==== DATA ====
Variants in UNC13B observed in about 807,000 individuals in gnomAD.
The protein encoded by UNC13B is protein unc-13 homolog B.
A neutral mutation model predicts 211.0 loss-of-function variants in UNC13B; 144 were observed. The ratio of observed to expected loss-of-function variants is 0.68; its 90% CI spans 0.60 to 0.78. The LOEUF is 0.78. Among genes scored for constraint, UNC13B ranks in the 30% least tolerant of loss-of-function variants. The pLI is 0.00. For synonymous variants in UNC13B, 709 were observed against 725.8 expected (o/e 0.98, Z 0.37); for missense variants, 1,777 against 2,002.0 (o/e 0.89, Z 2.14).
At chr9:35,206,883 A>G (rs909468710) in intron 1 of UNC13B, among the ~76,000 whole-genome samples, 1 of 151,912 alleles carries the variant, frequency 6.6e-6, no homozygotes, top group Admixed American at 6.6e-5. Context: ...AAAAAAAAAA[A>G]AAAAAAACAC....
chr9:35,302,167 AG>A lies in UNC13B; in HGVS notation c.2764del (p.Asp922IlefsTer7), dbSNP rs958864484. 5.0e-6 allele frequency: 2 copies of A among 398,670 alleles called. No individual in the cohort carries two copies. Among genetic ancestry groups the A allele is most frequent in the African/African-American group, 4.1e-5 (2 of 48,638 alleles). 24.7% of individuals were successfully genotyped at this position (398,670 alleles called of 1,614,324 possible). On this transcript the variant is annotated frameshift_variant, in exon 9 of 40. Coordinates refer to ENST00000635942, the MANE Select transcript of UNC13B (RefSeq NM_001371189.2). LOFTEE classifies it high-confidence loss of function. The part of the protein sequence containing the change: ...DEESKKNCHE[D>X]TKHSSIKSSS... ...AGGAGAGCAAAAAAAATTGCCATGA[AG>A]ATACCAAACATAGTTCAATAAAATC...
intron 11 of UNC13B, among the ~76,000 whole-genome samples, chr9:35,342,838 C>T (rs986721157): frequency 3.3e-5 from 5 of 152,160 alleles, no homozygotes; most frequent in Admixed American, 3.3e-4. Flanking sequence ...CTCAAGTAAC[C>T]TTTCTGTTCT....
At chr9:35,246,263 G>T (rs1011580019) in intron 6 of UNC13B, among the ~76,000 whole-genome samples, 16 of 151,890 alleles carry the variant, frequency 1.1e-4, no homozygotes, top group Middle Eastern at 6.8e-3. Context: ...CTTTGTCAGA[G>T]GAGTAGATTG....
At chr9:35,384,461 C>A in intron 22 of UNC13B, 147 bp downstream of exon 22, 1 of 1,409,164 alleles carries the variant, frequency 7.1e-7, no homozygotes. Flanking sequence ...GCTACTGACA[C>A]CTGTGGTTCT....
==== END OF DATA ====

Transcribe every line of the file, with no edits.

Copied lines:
Variants in UNC13B observed in about 807,000 individuals in gnomAD.
The protein encoded by UNC13B is protein unc-13 homolog B.
A neutral mutation model predicts 211.0 loss-of-function variants in UNC13B; 144 were observed. The ratio of observed to expected loss-of-function variants is 0.68; its 90% CI spans 0.60 to 0.78. The LOEUF is 0.78. Among genes scored for constraint, UNC13B ranks in the 30% least tolerant of loss-of-function variants. The pLI is 0.00. For synonymous variants in UNC13B, 709 were observed against 725.8 expected (o/e 0.98, Z 0.37); for missense variants, 1,777 against 2,002.0 (o/e 0.89, Z 2.14).
At chr9:35,206,883 A>G (rs909468710) in intron 1 of UNC13B, among the ~76,000 whole-genome samples, 1 of 151,912 alleles carries the variant, frequency 6.6e-6, no homozygotes, top group Admixed American at 6.6e-5. Context: ...AAAAAAAAAA[A>G]AAAAAAACAC....
chr9:35,302,167 AG>A lies in UNC13B; in HGVS notation c.2764del (p.Asp922IlefsTer7), dbSNP rs958864484. 5.0e-6 allele frequency: 2 copies of A among 398,670 alleles called. No individual in the cohort carries two copies. Among genetic ancestry groups the A allele is most frequent in the African/African-American group, 4.1e-5 (2 of 48,638 alleles). 24.7% of individuals were successfully genotyped at this position (398,670 alleles called of 1,614,324 possible). On this transcript the variant is annotated frameshift_variant, in exon 9 of 40. Coordinates refer to ENST00000635942, the MANE Select transcript of UNC13B (RefSeq NM_001371189.2). LOFTEE classifies it high-confidence loss of function. The part of the protein sequence containing the change: ...DEESKKNCHE[D>X]TKHSSIKSSS... ...AGGAGAGCAAAAAAAATTGCCATGA[AG>A]ATACCAAACATAGTTCAATAAAATC...
intron 11 of UNC13B, among the ~76,000 whole-genome samples, chr9:35,342,838 C>T (rs986721157): frequency 3.3e-5 from 5 of 152,160 alleles, no homozygotes; most frequent in Admixed American, 3.3e-4. Flanking sequence ...CTCAAGTAAC[C>T]TTTCTGTTCT....
At chr9:35,246,263 G>T (rs1011580019) in intron 6 of UNC13B, among the ~76,000 whole-genome samples, 16 of 151,890 alleles carry the variant, frequency 1.1e-4, no homozygotes, top group Middle Eastern at 6.8e-3. Context: ...CTTTGTCAGA[G>T]GAGTAGATTG....
At chr9:35,384,461 C>A in intron 22 of UNC13B, 147 bp downstream of exon 22, 1 of 1,409,164 alleles carries the variant, frequency 7.1e-7, no homozygotes. Flanking sequence ...GCTACTGACA[C>A]CTGTGGTTCT....